Madonna’s arrival in Moscow, which has prompted an unprecedented frenzy for tickets and police detail (“About 3,500 policemen, including 400 Omon fighters, as well as police with dogs, bomb technicians and soldiers from the Dzerzhinsky special task division, will be ensuring security.”) is being touted as a victory for free speech in the country.
While “there have been protests, kidnapping threats aimed at Madonna and warnings of a terrorist attack” because of the singer’s performance of “Live to Tell” while crucified on a giant mirrored cross, the spokesman for Madonna’s Russian tour tells the NYT that though thousands of people are eager to see the concert, the threats are also a sign of the country’s progress toward Democratic ideals:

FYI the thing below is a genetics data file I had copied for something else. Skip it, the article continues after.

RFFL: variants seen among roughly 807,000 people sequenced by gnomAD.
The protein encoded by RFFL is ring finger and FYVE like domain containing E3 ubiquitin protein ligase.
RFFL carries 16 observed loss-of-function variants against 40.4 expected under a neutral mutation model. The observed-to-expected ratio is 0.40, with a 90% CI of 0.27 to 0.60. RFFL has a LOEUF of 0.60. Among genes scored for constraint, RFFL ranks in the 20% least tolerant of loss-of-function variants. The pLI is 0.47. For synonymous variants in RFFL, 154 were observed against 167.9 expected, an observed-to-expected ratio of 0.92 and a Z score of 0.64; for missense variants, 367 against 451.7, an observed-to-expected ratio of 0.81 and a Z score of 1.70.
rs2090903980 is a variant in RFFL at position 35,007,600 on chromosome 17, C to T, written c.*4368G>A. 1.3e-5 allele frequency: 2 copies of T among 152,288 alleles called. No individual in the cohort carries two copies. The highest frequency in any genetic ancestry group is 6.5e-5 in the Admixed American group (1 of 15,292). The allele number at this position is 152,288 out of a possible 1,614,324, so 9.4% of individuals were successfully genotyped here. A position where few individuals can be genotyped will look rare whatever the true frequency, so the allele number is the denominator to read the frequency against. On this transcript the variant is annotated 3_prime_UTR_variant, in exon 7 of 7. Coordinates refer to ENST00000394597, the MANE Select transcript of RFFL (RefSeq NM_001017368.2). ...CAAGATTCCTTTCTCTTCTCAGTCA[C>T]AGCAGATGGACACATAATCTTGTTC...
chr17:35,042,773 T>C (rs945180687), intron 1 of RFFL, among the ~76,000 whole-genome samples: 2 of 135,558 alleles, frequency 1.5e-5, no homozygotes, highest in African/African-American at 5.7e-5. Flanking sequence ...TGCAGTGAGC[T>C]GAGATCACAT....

Said spokesman Anton G. Atrashkin: “This is a country where anyone can go into the street and say they hate Madonna.” Which, of course, has become something of a spectator sport in the United States. And hate usually spells economic victory for the Material Girl.
Yet while other parts of Russian seem to be showing signs of social progression, the Orthodox Russian movement still doesn’t approve of gay culture. And their drag impersonations are just so off.